Aerogel insulation blankets are used to insulate high heat or very cold applications. They contain nano-sized air pockets that help increase its effectiveness. Aerogel manufacturers say that engineered nanomaterials are not added to their aerogel products. Some aerogel insulations also contain titanium dioxide. The International Agency for Research on Cancer (IARC) classifies titanium dioxide as “possibly carcinogenic to humans” based on studies with animals. Hand tools are typically used to cut the blankets, which creates dust. The dust is small enough to get down into the lungs and can cause eye irritation, nosebleeds, sneezing, coughing, dermatitis, dry and cracked skin, and occasionally wheezing.
Jack works as an insulator. He will be applying aerogel insulation onto straight-run pipes and elbows. To do this he has to cut and shape the blanket with a razor knife. Cutting the insulation with hand tools creates dust in the air. Jack is concerned that the dust may be harmful to his health. Insulation workers who have been on the job longer are complaining about throat and eye irritation, very dry or chapped skin, and not being able to easily wash the dust off with soap and water.
- What could be done to protect workers from breathing in dust or getting it into their eyes or on their skin?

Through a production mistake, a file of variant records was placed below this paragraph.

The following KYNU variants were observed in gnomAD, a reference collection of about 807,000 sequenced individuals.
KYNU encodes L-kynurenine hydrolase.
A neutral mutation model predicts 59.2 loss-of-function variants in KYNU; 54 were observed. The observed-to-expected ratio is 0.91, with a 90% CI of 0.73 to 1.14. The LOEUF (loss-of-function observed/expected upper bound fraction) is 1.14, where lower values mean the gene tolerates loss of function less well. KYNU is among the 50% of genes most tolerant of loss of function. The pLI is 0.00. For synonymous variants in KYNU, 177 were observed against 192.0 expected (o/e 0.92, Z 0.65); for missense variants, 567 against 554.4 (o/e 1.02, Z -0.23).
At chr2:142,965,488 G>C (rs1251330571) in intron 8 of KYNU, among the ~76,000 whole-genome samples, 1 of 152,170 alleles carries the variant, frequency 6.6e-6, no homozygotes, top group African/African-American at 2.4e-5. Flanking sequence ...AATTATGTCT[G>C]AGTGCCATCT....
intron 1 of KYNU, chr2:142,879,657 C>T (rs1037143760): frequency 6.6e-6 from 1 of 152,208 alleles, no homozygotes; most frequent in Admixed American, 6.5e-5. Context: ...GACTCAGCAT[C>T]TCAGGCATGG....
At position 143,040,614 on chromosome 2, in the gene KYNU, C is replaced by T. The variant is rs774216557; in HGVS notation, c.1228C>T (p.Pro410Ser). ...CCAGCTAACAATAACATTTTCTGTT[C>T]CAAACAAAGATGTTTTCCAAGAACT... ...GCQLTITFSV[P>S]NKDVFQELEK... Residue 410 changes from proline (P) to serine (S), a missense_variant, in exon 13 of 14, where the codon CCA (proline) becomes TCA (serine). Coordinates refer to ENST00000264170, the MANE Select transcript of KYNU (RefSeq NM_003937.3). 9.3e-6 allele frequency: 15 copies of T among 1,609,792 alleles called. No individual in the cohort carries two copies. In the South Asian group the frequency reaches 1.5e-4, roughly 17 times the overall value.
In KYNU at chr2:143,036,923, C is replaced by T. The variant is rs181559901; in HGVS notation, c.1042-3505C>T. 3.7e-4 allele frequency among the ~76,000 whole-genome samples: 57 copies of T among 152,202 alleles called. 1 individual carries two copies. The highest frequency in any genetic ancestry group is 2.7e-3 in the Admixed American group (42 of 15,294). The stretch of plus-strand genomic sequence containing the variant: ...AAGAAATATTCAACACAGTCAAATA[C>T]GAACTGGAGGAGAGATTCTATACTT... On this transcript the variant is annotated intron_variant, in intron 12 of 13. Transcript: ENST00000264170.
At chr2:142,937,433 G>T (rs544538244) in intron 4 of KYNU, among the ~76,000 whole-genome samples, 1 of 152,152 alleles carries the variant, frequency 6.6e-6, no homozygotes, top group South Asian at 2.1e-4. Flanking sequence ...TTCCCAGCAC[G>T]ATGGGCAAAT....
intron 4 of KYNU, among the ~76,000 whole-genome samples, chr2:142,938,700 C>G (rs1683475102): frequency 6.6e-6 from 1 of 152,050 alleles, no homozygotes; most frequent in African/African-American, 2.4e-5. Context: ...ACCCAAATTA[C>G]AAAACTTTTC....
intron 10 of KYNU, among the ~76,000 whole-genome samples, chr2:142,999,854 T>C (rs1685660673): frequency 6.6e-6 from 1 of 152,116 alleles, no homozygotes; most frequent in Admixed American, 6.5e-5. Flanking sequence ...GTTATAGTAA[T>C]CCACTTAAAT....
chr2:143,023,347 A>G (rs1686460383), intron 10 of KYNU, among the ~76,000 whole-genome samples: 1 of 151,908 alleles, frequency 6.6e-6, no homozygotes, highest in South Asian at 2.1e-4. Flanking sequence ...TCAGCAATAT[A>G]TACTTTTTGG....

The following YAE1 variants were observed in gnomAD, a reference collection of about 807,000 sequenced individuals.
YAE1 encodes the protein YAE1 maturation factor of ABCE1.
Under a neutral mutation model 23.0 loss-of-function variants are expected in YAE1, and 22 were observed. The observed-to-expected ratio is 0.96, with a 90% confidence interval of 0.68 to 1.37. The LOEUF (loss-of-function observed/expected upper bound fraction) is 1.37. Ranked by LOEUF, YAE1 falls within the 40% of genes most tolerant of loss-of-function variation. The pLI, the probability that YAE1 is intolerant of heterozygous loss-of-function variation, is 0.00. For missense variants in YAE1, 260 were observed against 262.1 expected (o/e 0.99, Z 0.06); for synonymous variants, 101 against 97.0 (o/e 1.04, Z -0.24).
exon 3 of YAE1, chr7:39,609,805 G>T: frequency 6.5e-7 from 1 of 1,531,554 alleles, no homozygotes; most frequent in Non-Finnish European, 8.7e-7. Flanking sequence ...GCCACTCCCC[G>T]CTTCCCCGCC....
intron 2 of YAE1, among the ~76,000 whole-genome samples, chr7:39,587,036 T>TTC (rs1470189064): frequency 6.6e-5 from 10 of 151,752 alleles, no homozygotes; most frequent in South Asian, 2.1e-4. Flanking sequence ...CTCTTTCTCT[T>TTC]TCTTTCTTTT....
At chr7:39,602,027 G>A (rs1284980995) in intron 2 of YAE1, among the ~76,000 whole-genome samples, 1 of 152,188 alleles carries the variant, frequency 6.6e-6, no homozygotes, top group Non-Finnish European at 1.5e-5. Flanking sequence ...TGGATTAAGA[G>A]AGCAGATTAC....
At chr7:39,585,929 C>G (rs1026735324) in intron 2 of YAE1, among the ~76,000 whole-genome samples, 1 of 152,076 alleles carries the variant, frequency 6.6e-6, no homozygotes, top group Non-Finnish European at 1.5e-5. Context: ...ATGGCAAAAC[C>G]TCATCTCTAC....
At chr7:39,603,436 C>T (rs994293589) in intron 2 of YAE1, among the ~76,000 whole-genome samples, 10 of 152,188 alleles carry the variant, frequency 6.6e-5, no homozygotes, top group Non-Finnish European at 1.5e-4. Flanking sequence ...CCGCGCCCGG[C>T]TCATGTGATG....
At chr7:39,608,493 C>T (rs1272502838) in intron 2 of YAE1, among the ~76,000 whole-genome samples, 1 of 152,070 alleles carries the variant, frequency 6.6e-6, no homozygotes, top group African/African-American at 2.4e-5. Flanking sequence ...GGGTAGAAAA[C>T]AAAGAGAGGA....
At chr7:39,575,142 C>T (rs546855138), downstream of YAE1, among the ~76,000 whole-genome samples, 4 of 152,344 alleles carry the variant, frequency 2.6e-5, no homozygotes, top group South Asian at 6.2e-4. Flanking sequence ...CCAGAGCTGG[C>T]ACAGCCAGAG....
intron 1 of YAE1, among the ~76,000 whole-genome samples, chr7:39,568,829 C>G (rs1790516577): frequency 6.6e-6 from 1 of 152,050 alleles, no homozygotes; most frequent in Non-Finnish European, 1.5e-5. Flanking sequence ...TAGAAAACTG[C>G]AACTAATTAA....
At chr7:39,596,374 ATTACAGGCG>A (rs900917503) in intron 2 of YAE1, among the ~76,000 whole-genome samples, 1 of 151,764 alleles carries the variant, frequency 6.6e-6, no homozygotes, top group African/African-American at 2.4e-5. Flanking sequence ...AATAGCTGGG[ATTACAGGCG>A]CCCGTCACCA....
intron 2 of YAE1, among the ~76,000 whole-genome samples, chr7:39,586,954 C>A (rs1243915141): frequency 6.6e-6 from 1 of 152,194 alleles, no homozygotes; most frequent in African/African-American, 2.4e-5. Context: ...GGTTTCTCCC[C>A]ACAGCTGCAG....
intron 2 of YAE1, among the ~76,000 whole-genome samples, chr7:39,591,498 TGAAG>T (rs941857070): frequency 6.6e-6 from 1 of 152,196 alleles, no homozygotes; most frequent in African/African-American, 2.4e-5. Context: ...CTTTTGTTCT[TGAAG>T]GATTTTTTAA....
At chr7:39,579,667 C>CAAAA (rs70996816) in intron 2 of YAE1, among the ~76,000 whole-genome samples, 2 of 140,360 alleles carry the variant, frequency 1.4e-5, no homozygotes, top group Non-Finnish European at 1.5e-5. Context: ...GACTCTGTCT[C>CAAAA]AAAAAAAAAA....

- How could you find more information about the aerogel insulation that was applied to the pipes and elbows?
- Have you worked around aerogel or heard of anyone who has? If so, what was done to protect the workers from the dust?
- Use a NIOSH-approved N95 filtering facepiece respirator. Some employers may require a P100 filtering facepiece respirator or a half-mask elastomeric respirator equipped with a particulate cartridge filter.
- Use local exhaust ventilation if it is available; it can help reduce exposure to dust in the air.
- Wear dust goggles or safety glasses with side shields.
- Wear gloves that are impervious, such as nitrile, and a cut resistant outer glove. The gloves should cover your wrists and be worn with a long-sleeved shirt.
- Wash exposed skin with a fragrance-free soap and water or waterless hand cleaner. Then apply a fragrance-free moisturizing lotion.
- Ask your employer for a copy of the safety data sheet (SDS) for the insulation you are cutting. This information may also be available on CPWR’s electronic Library of Construction Occupational Safety and Health, in the section on nano.
- To learn more, read the NIOSH health hazard evaluation (HHE) on their evaluation of Aspen aerogel insulation dust exposure.